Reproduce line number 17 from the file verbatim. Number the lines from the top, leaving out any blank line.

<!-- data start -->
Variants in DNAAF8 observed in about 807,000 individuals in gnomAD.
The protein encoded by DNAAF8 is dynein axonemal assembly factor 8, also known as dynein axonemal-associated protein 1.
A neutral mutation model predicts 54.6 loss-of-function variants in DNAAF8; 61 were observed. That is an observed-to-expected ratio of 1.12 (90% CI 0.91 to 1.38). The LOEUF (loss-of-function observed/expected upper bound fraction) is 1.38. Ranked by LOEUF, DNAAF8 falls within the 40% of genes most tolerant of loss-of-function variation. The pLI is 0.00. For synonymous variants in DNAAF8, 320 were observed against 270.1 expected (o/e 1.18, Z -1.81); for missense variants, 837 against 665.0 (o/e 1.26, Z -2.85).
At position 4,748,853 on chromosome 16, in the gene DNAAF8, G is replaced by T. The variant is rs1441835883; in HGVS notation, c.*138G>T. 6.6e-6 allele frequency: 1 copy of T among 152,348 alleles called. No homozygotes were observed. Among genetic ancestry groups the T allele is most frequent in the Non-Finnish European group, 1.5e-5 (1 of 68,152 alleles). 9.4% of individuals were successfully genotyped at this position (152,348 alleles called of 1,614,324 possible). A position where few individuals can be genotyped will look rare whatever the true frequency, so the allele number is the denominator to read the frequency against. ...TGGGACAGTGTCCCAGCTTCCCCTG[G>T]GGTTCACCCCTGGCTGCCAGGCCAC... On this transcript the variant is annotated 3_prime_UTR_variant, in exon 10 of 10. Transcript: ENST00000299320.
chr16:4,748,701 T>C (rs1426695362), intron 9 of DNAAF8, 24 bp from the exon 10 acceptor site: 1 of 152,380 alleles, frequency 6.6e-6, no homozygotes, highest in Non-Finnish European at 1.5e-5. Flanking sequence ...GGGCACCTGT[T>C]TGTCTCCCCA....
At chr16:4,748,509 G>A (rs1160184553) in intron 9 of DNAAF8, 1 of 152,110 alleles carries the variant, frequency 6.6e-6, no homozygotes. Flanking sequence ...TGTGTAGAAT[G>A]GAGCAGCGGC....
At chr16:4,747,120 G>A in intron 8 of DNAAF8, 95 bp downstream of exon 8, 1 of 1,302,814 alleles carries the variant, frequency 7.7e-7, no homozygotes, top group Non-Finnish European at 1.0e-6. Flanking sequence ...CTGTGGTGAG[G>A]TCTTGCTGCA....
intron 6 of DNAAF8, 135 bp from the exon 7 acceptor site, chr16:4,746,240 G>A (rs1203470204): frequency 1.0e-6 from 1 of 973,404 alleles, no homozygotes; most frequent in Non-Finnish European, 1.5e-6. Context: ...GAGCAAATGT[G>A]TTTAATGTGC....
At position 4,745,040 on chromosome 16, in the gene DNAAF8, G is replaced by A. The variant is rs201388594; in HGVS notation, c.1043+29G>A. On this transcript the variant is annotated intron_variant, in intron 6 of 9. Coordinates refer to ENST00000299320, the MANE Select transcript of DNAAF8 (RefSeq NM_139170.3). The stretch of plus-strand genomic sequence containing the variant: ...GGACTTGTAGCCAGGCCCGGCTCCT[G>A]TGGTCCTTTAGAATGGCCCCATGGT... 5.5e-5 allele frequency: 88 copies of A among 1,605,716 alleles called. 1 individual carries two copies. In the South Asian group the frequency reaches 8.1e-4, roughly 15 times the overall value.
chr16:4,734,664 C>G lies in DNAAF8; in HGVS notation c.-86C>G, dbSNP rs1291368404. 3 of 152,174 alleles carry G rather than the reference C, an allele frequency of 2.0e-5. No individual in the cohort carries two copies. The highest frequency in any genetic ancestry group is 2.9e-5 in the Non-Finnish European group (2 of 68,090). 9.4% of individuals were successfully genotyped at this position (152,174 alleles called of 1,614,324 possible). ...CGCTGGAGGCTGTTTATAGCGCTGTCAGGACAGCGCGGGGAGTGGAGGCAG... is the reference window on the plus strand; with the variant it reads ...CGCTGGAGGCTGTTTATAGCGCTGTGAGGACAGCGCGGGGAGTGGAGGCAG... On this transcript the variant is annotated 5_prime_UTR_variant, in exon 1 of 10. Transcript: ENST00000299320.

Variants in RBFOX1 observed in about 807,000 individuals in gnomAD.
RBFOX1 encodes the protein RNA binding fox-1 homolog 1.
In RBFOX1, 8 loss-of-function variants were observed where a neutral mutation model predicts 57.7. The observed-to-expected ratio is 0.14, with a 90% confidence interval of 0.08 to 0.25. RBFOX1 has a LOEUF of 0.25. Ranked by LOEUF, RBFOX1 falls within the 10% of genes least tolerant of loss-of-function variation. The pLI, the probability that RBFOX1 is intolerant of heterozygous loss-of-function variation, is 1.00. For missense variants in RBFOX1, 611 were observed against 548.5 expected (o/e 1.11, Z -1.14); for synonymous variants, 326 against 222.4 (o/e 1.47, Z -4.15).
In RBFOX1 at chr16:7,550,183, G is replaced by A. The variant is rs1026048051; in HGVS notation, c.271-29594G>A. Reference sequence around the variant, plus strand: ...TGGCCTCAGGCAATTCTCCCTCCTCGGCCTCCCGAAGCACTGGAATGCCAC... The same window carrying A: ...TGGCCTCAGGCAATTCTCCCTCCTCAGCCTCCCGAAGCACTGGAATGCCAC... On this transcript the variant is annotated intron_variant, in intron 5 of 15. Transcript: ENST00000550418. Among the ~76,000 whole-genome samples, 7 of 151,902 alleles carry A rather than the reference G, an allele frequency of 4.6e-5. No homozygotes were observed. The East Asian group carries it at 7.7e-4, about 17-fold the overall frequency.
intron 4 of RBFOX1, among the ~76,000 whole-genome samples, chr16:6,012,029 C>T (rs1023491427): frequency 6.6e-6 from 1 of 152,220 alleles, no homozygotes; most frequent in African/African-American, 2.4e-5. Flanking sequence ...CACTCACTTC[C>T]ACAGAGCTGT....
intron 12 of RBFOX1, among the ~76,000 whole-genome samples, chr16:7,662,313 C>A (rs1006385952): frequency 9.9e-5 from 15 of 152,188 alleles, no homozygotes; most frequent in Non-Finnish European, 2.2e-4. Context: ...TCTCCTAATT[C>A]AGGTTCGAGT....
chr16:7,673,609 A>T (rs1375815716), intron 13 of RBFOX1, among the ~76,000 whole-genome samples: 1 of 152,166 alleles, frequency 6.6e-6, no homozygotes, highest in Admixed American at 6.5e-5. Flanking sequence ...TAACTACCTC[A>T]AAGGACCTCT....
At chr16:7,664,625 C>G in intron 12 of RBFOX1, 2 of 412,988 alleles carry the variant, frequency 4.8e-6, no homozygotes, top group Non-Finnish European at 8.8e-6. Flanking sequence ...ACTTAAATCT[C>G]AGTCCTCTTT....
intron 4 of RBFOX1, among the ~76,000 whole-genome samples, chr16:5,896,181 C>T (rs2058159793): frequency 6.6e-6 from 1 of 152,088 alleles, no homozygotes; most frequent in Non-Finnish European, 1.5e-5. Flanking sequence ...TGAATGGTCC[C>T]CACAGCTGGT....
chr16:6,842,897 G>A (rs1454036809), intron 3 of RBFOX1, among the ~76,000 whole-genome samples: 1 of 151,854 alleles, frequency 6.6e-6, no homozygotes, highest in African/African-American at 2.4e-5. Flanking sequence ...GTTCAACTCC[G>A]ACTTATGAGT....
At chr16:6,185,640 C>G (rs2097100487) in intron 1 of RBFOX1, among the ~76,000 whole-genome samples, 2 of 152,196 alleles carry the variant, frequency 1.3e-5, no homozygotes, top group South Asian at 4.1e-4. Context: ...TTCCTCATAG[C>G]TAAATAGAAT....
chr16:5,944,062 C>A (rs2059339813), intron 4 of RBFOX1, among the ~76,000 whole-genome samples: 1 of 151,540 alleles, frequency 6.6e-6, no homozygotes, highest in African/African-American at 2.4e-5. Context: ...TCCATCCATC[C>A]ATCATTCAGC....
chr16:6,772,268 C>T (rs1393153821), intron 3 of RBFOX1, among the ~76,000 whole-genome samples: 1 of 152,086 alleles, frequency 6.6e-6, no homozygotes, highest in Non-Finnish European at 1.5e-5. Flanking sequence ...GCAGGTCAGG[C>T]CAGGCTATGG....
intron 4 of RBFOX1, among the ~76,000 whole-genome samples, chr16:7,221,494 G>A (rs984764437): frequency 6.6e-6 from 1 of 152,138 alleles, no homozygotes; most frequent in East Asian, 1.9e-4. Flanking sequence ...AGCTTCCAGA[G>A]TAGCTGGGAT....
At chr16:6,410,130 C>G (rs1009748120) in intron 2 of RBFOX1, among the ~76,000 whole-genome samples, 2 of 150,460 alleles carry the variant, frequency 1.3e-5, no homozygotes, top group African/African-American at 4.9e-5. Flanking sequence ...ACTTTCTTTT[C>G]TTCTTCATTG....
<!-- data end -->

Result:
chr16:7,673,609 A>T (rs1375815716), intron 13 of RBFOX1, among the ~76,000 whole-genome samples: 1 of 152,166 alleles, frequency 6.6e-6, no homozygotes, highest in Admixed American at 6.5e-5. Flanking sequence ...TAACTACCTC[A>T]AAGGACCTCT....